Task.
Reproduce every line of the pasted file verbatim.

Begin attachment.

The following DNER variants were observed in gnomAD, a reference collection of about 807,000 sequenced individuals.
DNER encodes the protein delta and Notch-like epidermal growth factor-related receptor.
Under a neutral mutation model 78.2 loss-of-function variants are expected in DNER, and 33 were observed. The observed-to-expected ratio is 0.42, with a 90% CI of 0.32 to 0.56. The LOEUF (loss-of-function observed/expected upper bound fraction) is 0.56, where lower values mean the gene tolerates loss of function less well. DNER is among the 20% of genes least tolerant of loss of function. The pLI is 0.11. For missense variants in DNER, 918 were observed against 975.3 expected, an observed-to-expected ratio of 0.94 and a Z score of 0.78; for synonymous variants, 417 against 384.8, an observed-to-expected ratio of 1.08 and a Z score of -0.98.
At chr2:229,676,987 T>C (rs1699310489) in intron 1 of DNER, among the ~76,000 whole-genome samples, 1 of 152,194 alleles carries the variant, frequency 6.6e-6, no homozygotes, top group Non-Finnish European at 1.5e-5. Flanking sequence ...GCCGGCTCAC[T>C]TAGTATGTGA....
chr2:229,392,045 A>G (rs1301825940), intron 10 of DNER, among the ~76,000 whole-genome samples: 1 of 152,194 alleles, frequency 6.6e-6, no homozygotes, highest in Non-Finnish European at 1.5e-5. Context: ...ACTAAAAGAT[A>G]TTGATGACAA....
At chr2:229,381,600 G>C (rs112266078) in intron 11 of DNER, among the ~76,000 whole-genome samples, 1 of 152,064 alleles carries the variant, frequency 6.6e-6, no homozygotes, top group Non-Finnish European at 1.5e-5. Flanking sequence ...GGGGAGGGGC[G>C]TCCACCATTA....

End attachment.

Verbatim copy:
The following DNER variants were observed in gnomAD, a reference collection of about 807,000 sequenced individuals.
DNER encodes the protein delta and Notch-like epidermal growth factor-related receptor.
Under a neutral mutation model 78.2 loss-of-function variants are expected in DNER, and 33 were observed. The observed-to-expected ratio is 0.42, with a 90% CI of 0.32 to 0.56. The LOEUF (loss-of-function observed/expected upper bound fraction) is 0.56, where lower values mean the gene tolerates loss of function less well. DNER is among the 20% of genes least tolerant of loss of function. The pLI is 0.11. For missense variants in DNER, 918 were observed against 975.3 expected, an observed-to-expected ratio of 0.94 and a Z score of 0.78; for synonymous variants, 417 against 384.8, an observed-to-expected ratio of 1.08 and a Z score of -0.98.
At chr2:229,676,987 T>C (rs1699310489) in intron 1 of DNER, among the ~76,000 whole-genome samples, 1 of 152,194 alleles carries the variant, frequency 6.6e-6, no homozygotes, top group Non-Finnish European at 1.5e-5. Flanking sequence ...GCCGGCTCAC[T>C]TAGTATGTGA....
chr2:229,392,045 A>G (rs1301825940), intron 10 of DNER, among the ~76,000 whole-genome samples: 1 of 152,194 alleles, frequency 6.6e-6, no homozygotes, highest in Non-Finnish European at 1.5e-5. Context: ...ACTAAAAGAT[A>G]TTGATGACAA....
At chr2:229,381,600 G>C (rs112266078) in intron 11 of DNER, among the ~76,000 whole-genome samples, 1 of 152,064 alleles carries the variant, frequency 6.6e-6, no homozygotes, top group Non-Finnish European at 1.5e-5. Flanking sequence ...GGGGAGGGGC[G>C]TCCACCATTA....